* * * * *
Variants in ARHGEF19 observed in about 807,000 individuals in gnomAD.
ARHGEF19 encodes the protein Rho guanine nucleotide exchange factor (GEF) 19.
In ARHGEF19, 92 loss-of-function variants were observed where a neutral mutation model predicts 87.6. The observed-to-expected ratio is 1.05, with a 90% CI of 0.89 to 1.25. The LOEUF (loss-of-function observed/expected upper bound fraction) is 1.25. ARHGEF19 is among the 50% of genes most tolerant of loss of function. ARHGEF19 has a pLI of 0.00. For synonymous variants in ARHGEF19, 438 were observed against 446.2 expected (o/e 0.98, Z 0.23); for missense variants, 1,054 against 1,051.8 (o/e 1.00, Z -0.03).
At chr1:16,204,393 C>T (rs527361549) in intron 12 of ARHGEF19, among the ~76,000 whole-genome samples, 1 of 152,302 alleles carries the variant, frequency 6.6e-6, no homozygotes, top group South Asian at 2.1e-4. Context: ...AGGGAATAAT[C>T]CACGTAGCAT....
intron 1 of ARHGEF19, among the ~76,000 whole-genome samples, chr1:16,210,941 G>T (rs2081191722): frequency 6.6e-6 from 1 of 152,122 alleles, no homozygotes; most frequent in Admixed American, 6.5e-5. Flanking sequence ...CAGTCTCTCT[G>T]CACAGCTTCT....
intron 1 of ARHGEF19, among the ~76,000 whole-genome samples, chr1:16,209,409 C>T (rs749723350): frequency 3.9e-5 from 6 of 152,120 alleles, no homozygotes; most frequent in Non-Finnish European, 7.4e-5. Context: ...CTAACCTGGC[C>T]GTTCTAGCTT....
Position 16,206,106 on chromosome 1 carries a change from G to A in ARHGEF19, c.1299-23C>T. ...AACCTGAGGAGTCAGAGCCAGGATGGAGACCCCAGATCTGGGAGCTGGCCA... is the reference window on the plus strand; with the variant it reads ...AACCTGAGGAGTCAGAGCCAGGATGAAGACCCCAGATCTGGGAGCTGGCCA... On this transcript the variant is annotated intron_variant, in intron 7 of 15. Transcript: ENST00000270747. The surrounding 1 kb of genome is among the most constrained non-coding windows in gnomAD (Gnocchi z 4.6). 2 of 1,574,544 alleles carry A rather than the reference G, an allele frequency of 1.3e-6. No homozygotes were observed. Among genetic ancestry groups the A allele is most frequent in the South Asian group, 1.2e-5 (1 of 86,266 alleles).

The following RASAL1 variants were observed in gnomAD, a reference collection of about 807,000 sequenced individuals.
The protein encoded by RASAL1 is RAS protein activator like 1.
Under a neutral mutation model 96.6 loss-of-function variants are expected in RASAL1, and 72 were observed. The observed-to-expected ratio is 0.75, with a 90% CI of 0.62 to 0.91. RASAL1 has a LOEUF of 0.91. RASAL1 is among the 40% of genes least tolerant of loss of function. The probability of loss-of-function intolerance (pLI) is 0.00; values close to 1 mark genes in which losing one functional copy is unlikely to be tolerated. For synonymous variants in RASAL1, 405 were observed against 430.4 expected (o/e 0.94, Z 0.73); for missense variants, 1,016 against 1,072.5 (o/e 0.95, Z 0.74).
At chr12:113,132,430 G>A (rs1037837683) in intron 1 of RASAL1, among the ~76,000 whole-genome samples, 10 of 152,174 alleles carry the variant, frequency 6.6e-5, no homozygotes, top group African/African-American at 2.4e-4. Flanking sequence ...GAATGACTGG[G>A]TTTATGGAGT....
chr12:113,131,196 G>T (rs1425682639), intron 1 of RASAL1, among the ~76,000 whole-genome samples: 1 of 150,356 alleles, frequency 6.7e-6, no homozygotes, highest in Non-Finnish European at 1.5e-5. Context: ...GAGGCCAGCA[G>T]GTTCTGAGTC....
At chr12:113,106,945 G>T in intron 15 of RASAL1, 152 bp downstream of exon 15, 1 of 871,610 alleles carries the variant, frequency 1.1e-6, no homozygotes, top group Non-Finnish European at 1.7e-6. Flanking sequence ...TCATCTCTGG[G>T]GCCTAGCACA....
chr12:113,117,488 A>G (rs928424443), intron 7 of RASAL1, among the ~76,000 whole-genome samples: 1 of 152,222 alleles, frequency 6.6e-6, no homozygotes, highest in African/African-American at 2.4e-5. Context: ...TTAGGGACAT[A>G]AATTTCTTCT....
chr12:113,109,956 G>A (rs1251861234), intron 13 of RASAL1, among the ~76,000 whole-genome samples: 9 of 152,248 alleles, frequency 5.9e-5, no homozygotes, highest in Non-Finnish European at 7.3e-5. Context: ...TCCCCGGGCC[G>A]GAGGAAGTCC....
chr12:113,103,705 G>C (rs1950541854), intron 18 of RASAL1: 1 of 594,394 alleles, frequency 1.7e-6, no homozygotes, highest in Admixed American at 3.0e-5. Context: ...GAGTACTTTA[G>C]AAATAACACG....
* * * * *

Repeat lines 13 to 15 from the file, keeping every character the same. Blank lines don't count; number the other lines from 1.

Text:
At chr12:113,106,945 G>T in intron 15 of RASAL1, 152 bp downstream of exon 15, 1 of 871,610 alleles carries the variant, frequency 1.1e-6, no homozygotes, top group Non-Finnish European at 1.7e-6. Flanking sequence ...TCATCTCTGG[G>T]GCCTAGCACA....
chr12:113,117,488 A>G (rs928424443), intron 7 of RASAL1, among the ~76,000 whole-genome samples: 1 of 152,222 alleles, frequency 6.6e-6, no homozygotes, highest in African/African-American at 2.4e-5. Context: ...TTAGGGACAT[A>G]AATTTCTTCT....
chr12:113,109,956 G>A (rs1251861234), intron 13 of RASAL1, among the ~76,000 whole-genome samples: 9 of 152,248 alleles, frequency 5.9e-5, no homozygotes, highest in Non-Finnish European at 7.3e-5. Context: ...TCCCCGGGCC[G>A]GAGGAAGTCC....